Homefront movie
7.25 out of 10
The Hunger Games: Catching Fire movie
8.75 out of 10
Disney's Frozen movie
10.0 out of 10
Delivery Man movie
6.75 out of 10
8.25 out of 10

Sunday, December 11, 2011

New Year's Eve

Pause and Reflect

Director: Garry Marshall
Writers: Katherine Fugate
Cast: Michelle Pfeiffer, Zac Efron, Robert De Niro, Halle Berry, Jessica Biel, Seth Meyers, Sarah Paulson, Til Schweiger, Katherine Heigl, Jon Bon Jovi, Sofia Vergara, Ashton Kutcher, Lea Michele, Sarah Jesica Parker, Abigail Breslin, Josh Duhamel, Hilary Swank, Chris "Ludacris" Bridges, Hector Elizondo

SYNOPSIS: The stories of the lives of several couples, singles, parents and children intersect throughout the course of New Year's Eve.

REVIEW: Garry Marshall, the director of such romantic comedies as Overboard, Runaway Bride, and Valentine's Day, returns to the screen for another holiday titled and themed movie. Marshall re-teams with his Valentine's Day writer Katherine Fugate and a cavalcade of stars for a film revolving around only a few of the millions stories and people as one of the most festive and renewing holidays counts down.

As the hours leading up to midnight an the dropping of the New York City New Year's Ball loom, New Year's Eve focuses on several stories of the lives of people dealing with the holiday and each other. Tame and timid Ahern Records employee Ingrid (Michelle Pfeiffer, Stardust) realizes that she needs to make a change and employs bike messenger Paul (Zac Efron, 17 Again) to help her cross off item from her long-standing New Year's resolutions list in exchange for four tickets to a hot masquerade ball hosted by her record company. Stan Harris (Robert De Niro, Little Fockers) lies in a hospital bed hours from the end of his life, desperate to see the ball drop just one last time. Nurse Aimee (Halle Berry, Monster's Ball) plans to stay with him until her shift ends just before midnight. Pregnant Tess Byrne (Jessica Biel, I Now Pronounce You Chuck & Larry) and her husband Griffin (Seth Meyers, I Don't Know How She Does It) may be delivering in the hours following the ringing in of the new year. But labor pains are coupled with competition when they find out from rival couple Grace (Sarah Paulson, The Spirit) and James Schwab (Til Schweiger, Inglourious Basterds) that the first baby born in the new year at the hospital receives $25,000. Catering chef Laura (Katherine Heigl, Killers) and her sous chef Ava (Sofia Vergara, Modern Family) hosts the biggest party of their company's career, even though the main performer at the engagement is Laura's ex-fiancee rock star Jensen (Jon Bon Jovi, Pay It Forward). Holiday humbug Randy (Ashton Kutcher, Killers) finds himself stuck in his apartment elevator with holiday hopeful new 5B tenant Elise (Lea Michele, Glee). Radio City Rockette costume designer Kim (Sarah Jessica Parker, I Don't Know How She Does It) plans to stay at home with her fifteen year old daughter Hailey (Abigail Breslin, Zombieland) to watch the ball drop, but Hailey dreams of meeting up with a cute boy in Times Square for a kiss at midnight against her mother's wishes. Sam (Josh Duhamel) wishes his friends well as they complete their wedding vows then finds himself at the mercy of the kindness of strangers in order to get back to the Manhattan for a party toast and a possible midnight rendezvous with a woman he met last New Year's Eve. And finally, Claire Morgan (Hilary Swank, Boys Don't Cry), the vice president of the Times Square Alliance, feels the pressures of keeping the ball drop on schedule when the raising of the multi-light sphere runs into an electrical problem.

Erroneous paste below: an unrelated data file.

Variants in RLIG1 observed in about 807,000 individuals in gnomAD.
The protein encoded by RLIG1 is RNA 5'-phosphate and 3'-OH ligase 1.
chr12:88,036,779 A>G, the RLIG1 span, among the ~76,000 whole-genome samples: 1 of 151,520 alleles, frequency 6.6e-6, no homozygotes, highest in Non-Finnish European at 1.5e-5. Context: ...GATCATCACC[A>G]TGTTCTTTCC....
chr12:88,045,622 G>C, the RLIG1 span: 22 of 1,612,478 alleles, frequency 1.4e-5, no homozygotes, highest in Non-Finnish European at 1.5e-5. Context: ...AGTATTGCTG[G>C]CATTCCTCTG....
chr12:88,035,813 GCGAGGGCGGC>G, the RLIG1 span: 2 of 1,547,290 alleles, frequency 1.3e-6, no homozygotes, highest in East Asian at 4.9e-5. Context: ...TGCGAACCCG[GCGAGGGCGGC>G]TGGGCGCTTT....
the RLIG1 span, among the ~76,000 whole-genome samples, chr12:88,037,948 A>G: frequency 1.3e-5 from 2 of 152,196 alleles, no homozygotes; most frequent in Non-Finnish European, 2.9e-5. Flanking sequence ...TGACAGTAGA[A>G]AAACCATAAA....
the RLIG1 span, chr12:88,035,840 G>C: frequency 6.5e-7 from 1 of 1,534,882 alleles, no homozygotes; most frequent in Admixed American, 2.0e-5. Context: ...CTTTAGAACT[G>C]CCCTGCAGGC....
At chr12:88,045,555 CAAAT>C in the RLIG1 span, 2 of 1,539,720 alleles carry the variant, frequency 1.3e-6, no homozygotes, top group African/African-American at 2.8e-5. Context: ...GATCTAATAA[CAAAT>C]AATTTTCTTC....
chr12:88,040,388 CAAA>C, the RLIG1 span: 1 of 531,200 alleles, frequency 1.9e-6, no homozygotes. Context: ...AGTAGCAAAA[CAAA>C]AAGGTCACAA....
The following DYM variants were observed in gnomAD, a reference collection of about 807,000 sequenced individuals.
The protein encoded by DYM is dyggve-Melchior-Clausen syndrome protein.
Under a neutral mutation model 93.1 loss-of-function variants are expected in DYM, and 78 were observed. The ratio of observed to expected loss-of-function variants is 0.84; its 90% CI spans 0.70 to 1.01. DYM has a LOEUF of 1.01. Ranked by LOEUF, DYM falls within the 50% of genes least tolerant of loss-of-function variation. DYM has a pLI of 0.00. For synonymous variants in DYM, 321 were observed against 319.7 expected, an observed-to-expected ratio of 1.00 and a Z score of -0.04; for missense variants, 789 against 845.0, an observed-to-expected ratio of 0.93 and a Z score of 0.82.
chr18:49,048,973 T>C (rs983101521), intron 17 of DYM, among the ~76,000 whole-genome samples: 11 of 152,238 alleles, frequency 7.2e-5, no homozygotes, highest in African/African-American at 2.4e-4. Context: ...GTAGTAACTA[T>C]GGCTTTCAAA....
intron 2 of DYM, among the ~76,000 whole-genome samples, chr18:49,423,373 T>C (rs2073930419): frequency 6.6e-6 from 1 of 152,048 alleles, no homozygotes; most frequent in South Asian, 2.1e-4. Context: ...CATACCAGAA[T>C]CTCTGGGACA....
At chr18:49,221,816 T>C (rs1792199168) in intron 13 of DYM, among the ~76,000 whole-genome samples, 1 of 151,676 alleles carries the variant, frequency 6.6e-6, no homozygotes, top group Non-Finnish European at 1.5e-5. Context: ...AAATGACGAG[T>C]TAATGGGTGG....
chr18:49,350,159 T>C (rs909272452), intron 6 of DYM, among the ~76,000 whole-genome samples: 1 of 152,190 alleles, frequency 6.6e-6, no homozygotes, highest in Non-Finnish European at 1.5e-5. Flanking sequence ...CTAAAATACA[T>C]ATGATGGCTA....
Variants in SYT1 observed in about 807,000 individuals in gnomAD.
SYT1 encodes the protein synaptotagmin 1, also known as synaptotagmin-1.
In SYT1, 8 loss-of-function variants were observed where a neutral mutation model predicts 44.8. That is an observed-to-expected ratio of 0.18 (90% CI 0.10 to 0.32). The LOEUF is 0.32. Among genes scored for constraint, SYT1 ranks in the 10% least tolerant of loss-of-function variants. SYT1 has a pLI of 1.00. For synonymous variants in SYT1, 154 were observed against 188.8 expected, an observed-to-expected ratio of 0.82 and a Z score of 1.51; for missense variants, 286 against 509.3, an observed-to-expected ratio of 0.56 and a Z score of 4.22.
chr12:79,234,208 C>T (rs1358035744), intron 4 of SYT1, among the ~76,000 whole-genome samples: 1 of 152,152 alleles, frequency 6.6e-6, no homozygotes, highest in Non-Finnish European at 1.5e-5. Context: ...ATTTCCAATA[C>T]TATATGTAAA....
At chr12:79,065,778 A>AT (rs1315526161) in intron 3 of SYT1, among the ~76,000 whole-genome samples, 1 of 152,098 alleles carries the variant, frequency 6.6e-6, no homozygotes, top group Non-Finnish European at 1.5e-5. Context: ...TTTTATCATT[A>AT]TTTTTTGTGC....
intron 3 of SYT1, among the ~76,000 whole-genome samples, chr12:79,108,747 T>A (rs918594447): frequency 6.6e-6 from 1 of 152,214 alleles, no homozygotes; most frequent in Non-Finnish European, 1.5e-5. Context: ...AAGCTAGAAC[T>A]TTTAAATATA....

New Year's Eve packs a lot of tales into one film. Just outlining the bare bones of the stories involved takes groundwork. And in each slice of life, there is reflection and remembrance, humor and sadness. And once in a while, a couple of individuals in the sea of millions cross paths. Sometimes they are like ships passing in the night. Other times it seems cosmic forces attract people together or repel them apart. As the seconds tick by and the hum of anticipation for the clock striking twelve mounts, anything is possible.

Garry Marshall knows what he is doing. He is a romantic comedy maestro who has delighted audiences for decades. And his directing clout draws out so many stars, they are too numerous to mention. Even in small roles, each actor or actress can bring a smile to your face when they come into view. Fugate's story lifts up the spirit, even in moments where there is no hope. The new year brings the promise of new beginnings, new life, and resolutions for changes in our lives.

The pace of the film builds slowly, each story's foundation deliberately placed. As the countdown ends and the Times Square New Year's Eve ball drops to usher in a new year, the serendipity of the separated stories combines to fill in a nicely interwoven tapestry of the fabric of life.

WORTH: Matinee or Rental

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